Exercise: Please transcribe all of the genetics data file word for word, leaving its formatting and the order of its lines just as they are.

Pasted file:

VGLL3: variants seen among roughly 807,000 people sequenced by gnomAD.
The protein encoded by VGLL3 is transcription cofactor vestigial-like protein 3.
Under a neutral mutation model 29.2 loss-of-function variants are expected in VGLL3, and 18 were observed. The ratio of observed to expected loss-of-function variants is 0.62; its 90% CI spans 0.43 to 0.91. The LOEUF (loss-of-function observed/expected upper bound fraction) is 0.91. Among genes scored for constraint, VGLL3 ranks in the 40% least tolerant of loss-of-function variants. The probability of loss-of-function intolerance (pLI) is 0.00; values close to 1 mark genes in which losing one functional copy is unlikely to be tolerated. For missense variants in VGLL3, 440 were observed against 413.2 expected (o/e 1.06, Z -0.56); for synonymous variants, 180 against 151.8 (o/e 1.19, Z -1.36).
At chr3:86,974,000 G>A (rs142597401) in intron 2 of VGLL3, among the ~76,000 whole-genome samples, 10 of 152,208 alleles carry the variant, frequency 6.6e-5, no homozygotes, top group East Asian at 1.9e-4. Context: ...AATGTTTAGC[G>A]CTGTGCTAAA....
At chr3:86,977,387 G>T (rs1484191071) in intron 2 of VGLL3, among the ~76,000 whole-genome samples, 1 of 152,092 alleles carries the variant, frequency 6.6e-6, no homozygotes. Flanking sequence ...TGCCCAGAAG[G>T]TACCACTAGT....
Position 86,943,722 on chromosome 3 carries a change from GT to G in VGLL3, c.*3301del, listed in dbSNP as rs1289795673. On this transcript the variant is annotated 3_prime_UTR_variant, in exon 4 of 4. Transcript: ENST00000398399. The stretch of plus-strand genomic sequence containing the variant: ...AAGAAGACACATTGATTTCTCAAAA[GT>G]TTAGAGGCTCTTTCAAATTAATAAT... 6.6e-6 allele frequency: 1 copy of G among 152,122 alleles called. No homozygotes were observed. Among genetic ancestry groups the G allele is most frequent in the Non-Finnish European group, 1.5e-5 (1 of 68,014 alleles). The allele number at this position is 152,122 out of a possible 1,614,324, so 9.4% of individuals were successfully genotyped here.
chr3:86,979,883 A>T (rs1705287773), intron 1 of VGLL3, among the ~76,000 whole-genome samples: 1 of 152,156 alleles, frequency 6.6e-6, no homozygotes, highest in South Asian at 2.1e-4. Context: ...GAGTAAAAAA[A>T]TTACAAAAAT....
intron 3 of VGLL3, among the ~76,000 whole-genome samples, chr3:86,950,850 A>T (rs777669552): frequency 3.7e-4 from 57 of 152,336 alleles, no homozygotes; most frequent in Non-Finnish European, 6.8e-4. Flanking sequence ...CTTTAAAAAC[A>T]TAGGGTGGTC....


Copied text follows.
VGLL3: variants seen among roughly 807,000 people sequenced by gnomAD.
The protein encoded by VGLL3 is transcription cofactor vestigial-like protein 3.
Under a neutral mutation model 29.2 loss-of-function variants are expected in VGLL3, and 18 were observed. The ratio of observed to expected loss-of-function variants is 0.62; its 90% CI spans 0.43 to 0.91. The LOEUF (loss-of-function observed/expected upper bound fraction) is 0.91. Among genes scored for constraint, VGLL3 ranks in the 40% least tolerant of loss-of-function variants. The probability of loss-of-function intolerance (pLI) is 0.00; values close to 1 mark genes in which losing one functional copy is unlikely to be tolerated. For missense variants in VGLL3, 440 were observed against 413.2 expected (o/e 1.06, Z -0.56); for synonymous variants, 180 against 151.8 (o/e 1.19, Z -1.36).
At chr3:86,974,000 G>A (rs142597401) in intron 2 of VGLL3, among the ~76,000 whole-genome samples, 10 of 152,208 alleles carry the variant, frequency 6.6e-5, no homozygotes, top group East Asian at 1.9e-4. Context: ...AATGTTTAGC[G>A]CTGTGCTAAA....
At chr3:86,977,387 G>T (rs1484191071) in intron 2 of VGLL3, among the ~76,000 whole-genome samples, 1 of 152,092 alleles carries the variant, frequency 6.6e-6, no homozygotes. Flanking sequence ...TGCCCAGAAG[G>T]TACCACTAGT....
Position 86,943,722 on chromosome 3 carries a change from GT to G in VGLL3, c.*3301del, listed in dbSNP as rs1289795673. On this transcript the variant is annotated 3_prime_UTR_variant, in exon 4 of 4. Transcript: ENST00000398399. The stretch of plus-strand genomic sequence containing the variant: ...AAGAAGACACATTGATTTCTCAAAA[GT>G]TTAGAGGCTCTTTCAAATTAATAAT... 6.6e-6 allele frequency: 1 copy of G among 152,122 alleles called. No homozygotes were observed. Among genetic ancestry groups the G allele is most frequent in the Non-Finnish European group, 1.5e-5 (1 of 68,014 alleles). The allele number at this position is 152,122 out of a possible 1,614,324, so 9.4% of individuals were successfully genotyped here.
chr3:86,979,883 A>T (rs1705287773), intron 1 of VGLL3, among the ~76,000 whole-genome samples: 1 of 152,156 alleles, frequency 6.6e-6, no homozygotes, highest in South Asian at 2.1e-4. Context: ...GAGTAAAAAA[A>T]TTACAAAAAT....
intron 3 of VGLL3, among the ~76,000 whole-genome samples, chr3:86,950,850 A>T (rs777669552): frequency 3.7e-4 from 57 of 152,336 alleles, no homozygotes; most frequent in Non-Finnish European, 6.8e-4. Flanking sequence ...CTTTAAAAAC[A>T]TAGGGTGGTC....